Teagasc is strongly advising cereal growers to forward sell a proportion of their grain at this stage of the season.

“With wheat and barley prices north of €320/t at the present time, it makes perfect sense to take this approach,” confirmed Teagasc tillage specialist Shay Phelan.

As a rule of thumb, Phelan is suggesting that growers should cover 30% of their crops with agreed prices at this stage.

But where the future acquisition of fertiliser is concerned, Phelan is advising a more wait-and-see approach.

“No one really knows how the fertiliser market is going to perform over the coming months,” he said.

Teagasc is advising that spring cereals are looking particularly well at the present time. Plant numbers are excellent and crops are growing well.  

The one slight downside, however, has been the impact of Barley Yellow Dwarf Virus (BYDV) in a small number of crops across the country.

“Thankfully, the incidence rate of the problem is very small and it should not impact final yields to any great degree.”

He added:

“At this stage, there is nothing that can be done to curtail the problem. The damage created by this stage cannot be reversed.”

Figures now available courtesy of the 2022 basic payment applications show that Ireland’s tillage area has increased by almost 6%, year-on-year.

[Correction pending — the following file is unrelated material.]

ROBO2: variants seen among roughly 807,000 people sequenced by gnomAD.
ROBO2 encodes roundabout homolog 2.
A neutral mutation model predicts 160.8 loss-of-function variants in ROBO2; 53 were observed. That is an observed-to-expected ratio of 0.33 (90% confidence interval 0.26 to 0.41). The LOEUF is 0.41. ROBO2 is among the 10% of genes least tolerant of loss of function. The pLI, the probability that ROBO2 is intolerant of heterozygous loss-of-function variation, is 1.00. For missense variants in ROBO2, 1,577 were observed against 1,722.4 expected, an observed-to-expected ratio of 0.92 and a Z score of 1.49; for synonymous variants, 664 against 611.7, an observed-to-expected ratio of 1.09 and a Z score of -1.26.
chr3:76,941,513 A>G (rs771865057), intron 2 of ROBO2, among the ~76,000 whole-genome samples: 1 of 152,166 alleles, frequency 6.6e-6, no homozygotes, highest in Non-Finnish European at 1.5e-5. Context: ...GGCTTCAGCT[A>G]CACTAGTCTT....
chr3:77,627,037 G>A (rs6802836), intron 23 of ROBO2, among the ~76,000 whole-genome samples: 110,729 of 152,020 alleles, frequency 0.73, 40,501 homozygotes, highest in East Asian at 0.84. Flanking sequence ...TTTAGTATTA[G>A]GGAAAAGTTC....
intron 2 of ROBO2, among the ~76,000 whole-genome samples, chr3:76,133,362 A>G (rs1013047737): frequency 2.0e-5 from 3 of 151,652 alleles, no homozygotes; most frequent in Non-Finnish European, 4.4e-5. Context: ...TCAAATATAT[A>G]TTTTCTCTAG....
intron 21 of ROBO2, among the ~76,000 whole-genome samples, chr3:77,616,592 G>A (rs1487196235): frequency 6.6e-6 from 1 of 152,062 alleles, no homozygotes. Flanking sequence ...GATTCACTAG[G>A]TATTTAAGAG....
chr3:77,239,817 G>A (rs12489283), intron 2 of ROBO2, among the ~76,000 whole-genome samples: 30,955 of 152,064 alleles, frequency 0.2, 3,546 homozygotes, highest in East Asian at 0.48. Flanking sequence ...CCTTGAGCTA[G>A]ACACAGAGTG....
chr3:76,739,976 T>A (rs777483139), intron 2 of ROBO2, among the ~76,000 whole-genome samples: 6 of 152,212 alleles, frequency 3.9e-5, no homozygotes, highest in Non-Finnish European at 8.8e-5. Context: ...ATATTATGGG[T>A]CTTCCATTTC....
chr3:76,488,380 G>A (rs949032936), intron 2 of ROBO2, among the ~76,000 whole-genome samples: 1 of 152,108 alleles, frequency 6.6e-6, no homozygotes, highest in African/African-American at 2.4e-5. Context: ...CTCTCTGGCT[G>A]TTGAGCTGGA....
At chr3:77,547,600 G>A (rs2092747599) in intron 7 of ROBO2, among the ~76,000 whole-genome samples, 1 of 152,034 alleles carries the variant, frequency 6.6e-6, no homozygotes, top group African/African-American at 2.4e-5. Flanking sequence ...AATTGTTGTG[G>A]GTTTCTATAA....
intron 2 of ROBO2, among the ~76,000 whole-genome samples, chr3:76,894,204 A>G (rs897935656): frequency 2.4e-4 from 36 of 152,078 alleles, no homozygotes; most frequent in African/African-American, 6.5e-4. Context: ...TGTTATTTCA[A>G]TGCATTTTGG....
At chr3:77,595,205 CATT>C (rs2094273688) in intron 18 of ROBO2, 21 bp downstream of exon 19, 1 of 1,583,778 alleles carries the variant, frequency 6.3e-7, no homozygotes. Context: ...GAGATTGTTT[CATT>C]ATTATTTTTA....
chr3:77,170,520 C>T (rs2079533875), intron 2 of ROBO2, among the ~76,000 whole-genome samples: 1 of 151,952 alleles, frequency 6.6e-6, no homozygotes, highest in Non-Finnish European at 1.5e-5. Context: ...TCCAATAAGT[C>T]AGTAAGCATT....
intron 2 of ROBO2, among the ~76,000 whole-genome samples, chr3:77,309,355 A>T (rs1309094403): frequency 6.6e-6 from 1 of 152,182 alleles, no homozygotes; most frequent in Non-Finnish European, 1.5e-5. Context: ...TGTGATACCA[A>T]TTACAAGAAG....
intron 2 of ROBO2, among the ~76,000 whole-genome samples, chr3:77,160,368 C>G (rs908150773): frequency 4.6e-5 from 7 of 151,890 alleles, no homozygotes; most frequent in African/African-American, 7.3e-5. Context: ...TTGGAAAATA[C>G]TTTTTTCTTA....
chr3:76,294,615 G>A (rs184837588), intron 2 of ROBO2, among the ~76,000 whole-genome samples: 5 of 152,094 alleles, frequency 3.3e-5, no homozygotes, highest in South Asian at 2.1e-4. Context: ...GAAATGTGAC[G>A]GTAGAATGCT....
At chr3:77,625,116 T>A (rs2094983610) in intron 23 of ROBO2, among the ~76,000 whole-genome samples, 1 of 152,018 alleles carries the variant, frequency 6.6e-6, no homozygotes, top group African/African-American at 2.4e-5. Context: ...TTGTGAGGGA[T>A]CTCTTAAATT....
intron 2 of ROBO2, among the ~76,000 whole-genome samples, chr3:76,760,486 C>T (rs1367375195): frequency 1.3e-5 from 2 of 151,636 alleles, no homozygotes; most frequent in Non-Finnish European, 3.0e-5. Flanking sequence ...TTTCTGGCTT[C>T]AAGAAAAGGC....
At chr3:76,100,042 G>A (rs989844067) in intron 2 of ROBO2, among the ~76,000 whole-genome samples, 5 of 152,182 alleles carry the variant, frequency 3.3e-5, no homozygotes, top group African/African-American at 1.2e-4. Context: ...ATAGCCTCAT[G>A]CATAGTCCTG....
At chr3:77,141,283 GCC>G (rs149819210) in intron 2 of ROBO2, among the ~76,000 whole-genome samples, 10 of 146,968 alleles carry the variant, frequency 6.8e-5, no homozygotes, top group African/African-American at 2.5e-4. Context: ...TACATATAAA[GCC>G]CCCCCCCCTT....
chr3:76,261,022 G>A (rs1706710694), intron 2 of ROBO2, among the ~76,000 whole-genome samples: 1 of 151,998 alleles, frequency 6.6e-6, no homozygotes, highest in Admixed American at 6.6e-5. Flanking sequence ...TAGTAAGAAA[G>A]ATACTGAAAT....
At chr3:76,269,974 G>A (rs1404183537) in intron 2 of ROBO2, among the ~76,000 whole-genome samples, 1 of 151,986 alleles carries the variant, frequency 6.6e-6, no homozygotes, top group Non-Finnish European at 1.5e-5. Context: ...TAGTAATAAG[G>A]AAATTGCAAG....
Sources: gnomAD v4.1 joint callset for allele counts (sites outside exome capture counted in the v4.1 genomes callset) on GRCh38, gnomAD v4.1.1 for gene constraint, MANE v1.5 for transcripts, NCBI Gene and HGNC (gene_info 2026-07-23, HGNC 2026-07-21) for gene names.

“This is a direct consequence of the Tillage Incentive Scheme,” Phelan explained.

He added:

“It’s hard to know if all of this additional acreage will be retained in tillage next year. The Straw Incorporation Scheme may encourage land to be retained for cropping purposes in the autumn.

“But I would be hopeful that some of the ground taken out of grass this year will be maintained for cropping purposes into the future.”

Phelan is open to the suggestion that a link may well exist between land taken out of grass and the prevalence of BYDV on spring cereal crops.

The last 12 months have seen Teagasc invest heavily into technologies that will help identify aphid numbers, their locations across the country, and the potential damage they can create within cereal crops.

“There is evidence to confirm that aphids do over winter in grass swards,” Phelan commented.

He concluded:

“So this may well be a factor. However, a number of spring crops that have been impacted by BYDV in 2022 are on land that has been used exclusively for tillage purposes over many years.”